World Library  
Flag as Inappropriate
Email this Article
 

Bruce Greyson

(Charles) Bruce Greyson (born October 1946) is Professor Emeritus of Psychiatry and Neurobehavioral Sciences at the University of Virginia. He is co-author of Irreducible Mind (2007) and co-editor of The Handbook of Near-Death Experiences (2009). Greyson has written many journal articles, and has given media interviews, on the subject of near death experiences.

Contents

  • Academic appointments 1
  • Research work 2
  • Selected publications 3
  • See also 4
  • References 5
  • External links 6

Academic appointments

Greyson is Chester F. Carlson Professor Emeritus of Psychiatry and Neurobehavioral Sciences, and the former director of The Division of Perceptual Studies (DOPS),[1] formerly the Division of Personality Studies, at the University of Virginia. He is also a Professor of Psychiatric Medicine in the Department of Psychiatric Medicine, Division of Outpatient Psychiatry, at the University of Virginia.

Research work

Greyson is a researcher in the field of near-death studies and has been called the father of research in near-death experiences.[2][3] Greyson, along with Kenneth Ring, Michael Sabom, and others, built on the research of Raymond Moody, Russell Noyes Jr and Elisabeth Kübler-Ross. Greyson's scale to measure the aspects of near-death experiences[4] has been widely used, being cited 95 times as of early 2010.[5] He also devised a 19-item scale to assess experience of kundalini, the Physio-Kundalini Scale.[6]

Greyson wrote the overview of Near Death Experiences for the Encyclopædia Britannica and was the Editor-in-Chief of the Journal of Near-Death Studies (formerly Anabiosis) from 1982 through 2007. Greyson has been interviewed or consulted many times in the press on the subject of near-death experiences.[7][8][9][10][11][12][13]

Selected publications

Greyson is co-author of Irreducible Mind: Toward a Psychology for the 21st Century (Rowman and Littlefield, 2007)[14] and co-editor of The Handbook of Near-Death Experiences: Thirty Years of Investigation (Praeger, 2009).[15] He has written many journal articles on the subject of near-death experiences, and these include:

  • Greyson, B (2005). ""False positive" claims of near-death experiences and "false negative" denials of near-death experiences". Death studies 29 (2): 145–55.  
  • Greyson, B, Ring, K. (2004). "The Life Changes Inventory-Revised". Journal of Near-Death Studies 23: 41–54. 
  • Greyson, B, Liester, MB. (2004). "Internal voices following near-death experiences". Journal of Humanistic Psychology 44 (3): 320–336.  
  • Lange, R; Greyson, B; Houran, J (2004). "A Rasch scaling validation of a 'core' near-death experience". British journal of psychology (London, England : 1953) 95 (Pt 2): 161–77.  

See also

References

  1. ^ Division of Perceptual Studies, University of Virginia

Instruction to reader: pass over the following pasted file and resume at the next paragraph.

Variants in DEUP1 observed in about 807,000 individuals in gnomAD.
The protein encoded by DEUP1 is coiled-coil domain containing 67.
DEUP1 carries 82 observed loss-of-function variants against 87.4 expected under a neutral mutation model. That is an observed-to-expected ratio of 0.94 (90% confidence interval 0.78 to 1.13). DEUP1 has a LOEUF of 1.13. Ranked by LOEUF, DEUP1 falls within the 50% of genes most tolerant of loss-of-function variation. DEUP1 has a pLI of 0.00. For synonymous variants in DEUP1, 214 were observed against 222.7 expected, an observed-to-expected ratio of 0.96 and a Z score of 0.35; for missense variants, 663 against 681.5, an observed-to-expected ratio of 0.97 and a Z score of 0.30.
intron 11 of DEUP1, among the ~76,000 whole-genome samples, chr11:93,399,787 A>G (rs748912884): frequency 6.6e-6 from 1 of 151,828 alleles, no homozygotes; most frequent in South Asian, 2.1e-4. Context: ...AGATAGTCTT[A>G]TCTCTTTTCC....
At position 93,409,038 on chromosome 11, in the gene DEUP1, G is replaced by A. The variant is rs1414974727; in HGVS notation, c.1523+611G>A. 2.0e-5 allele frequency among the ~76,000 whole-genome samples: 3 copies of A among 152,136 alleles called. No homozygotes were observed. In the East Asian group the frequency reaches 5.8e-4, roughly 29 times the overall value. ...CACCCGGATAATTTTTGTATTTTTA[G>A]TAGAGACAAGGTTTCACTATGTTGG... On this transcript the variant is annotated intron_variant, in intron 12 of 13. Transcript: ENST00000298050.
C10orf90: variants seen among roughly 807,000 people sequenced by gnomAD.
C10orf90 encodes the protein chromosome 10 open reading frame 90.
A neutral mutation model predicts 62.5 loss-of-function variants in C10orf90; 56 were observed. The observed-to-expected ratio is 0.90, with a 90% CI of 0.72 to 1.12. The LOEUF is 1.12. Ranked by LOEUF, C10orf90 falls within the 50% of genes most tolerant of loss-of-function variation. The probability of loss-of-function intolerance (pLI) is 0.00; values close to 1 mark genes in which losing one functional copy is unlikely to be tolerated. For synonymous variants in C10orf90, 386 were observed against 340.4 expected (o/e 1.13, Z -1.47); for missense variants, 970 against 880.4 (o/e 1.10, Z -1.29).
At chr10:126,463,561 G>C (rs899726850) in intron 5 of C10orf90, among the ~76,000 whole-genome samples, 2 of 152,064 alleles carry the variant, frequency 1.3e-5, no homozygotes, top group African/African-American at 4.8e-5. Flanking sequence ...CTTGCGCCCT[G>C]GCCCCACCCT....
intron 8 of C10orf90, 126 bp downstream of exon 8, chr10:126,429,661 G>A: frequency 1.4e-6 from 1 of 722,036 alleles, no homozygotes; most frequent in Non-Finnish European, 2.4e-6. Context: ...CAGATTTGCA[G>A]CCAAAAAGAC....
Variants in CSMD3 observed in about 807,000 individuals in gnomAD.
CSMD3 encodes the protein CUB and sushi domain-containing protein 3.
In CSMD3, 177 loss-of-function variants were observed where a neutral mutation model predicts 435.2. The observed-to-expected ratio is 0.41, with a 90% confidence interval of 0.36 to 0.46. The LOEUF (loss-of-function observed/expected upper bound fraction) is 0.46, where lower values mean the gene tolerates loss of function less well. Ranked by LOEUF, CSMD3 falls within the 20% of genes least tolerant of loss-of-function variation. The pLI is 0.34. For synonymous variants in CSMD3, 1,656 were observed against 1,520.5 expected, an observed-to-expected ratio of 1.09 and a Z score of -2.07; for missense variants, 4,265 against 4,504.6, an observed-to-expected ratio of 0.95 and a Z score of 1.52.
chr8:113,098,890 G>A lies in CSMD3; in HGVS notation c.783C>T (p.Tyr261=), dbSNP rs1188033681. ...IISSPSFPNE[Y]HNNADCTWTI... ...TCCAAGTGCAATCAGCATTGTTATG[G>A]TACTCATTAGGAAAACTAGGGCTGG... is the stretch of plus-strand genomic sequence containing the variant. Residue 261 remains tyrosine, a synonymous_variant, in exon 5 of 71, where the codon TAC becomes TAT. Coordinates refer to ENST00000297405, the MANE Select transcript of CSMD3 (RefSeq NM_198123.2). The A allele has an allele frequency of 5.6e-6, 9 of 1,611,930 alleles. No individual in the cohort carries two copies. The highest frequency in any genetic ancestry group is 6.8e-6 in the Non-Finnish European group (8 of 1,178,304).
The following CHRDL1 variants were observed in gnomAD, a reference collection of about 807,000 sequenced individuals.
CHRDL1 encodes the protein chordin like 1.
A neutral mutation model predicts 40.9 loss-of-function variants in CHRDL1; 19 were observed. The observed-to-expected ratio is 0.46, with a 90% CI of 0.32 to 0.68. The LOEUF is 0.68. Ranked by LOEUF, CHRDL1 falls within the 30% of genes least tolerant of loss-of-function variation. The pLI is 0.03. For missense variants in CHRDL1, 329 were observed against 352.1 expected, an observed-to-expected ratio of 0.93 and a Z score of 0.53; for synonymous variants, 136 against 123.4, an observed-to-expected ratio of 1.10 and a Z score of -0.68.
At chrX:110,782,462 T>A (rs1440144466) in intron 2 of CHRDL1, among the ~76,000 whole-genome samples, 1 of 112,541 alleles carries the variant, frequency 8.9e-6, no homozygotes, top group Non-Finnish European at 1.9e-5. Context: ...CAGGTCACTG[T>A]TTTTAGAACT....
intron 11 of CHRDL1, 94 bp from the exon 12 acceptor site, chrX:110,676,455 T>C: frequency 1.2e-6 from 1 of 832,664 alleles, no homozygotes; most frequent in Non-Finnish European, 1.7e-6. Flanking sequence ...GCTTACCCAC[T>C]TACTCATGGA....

2. ^ "The Brain and Belief".  
  3. ^ "Edwardsville Woman has Near-death Experience". Belleville News-Democrat. January 21, 2003. Retrieved February 23, 2010. [Greyson] called 'the father of near-death experience research' by some... 
  4. ^ Greyson, Bruce (1983). The near-death experience scale: Construction, reliability, and validity. Journal of Nervous and Mental Disease, Jun;171(6):369-75.
  5. ^ Google Scholar, Citations of Greyson (1983). Accessed February 23, 2010.
  6. ^ Bruce Greyson (1993). "Near-death experiences and the physio-kundalini syndrome". Journal of Religion and Health 32 (4): 277–290.  
  7. ^ "Near-death experience is debated".  
  8. ^ Jane E. Brody (November 17, 1988). "HEALTH; Personal Health".  
  9. ^ Anne Longley (August 1, 1994). "A Glimpse Beyond: A Psychiatrist Plumbs the Near-Death Experience".  
  10. ^ Douglas Fox (October 17, 2006). "Light at the end of the tunnel".  
  11. ^ Benedict Carey (January 17, 2009). "The Afterlife of Near-Death".  
  12. ^ Daniel Williams (August 31, 2007). "At the Hour Of Our Death".  
  13. ^ "Science Notebook".  
  14. ^ Irreducible Mind
  15. ^ Information about the Division of Perceptual Studies

External links

  • Bruce Greyson biography at the University of Virginia
  • The Division of Perceptual Studies at the University of Virginia
This article was sourced from Creative Commons Attribution-ShareAlike License; additional terms may apply. World Heritage Encyclopedia content is assembled from numerous content providers, Open Access Publishing, and in compliance with The Fair Access to Science and Technology Research Act (FASTR), Wikimedia Foundation, Inc., Public Library of Science, The Encyclopedia of Life, Open Book Publishers (OBP), PubMed, U.S. National Library of Medicine, National Center for Biotechnology Information, U.S. National Library of Medicine, National Institutes of Health (NIH), U.S. Department of Health & Human Services, and USA.gov, which sources content from all federal, state, local, tribal, and territorial government publication portals (.gov, .mil, .edu). Funding for USA.gov and content contributors is made possible from the U.S. Congress, E-Government Act of 2002.
 
Crowd sourced content that is contributed to World Heritage Encyclopedia is peer reviewed and edited by our editorial staff to ensure quality scholarly research articles.
 
By using this site, you agree to the Terms of Use and Privacy Policy. World Heritage Encyclopedia™ is a registered trademark of the World Public Library Association, a non-profit organization.
 



Copyright © World Library Foundation. All rights reserved. eBooks from World eBook Library are sponsored by the World Library Foundation,
a 501c(4) Member's Support Non-Profit Organization, and is NOT affiliated with any governmental agency or department.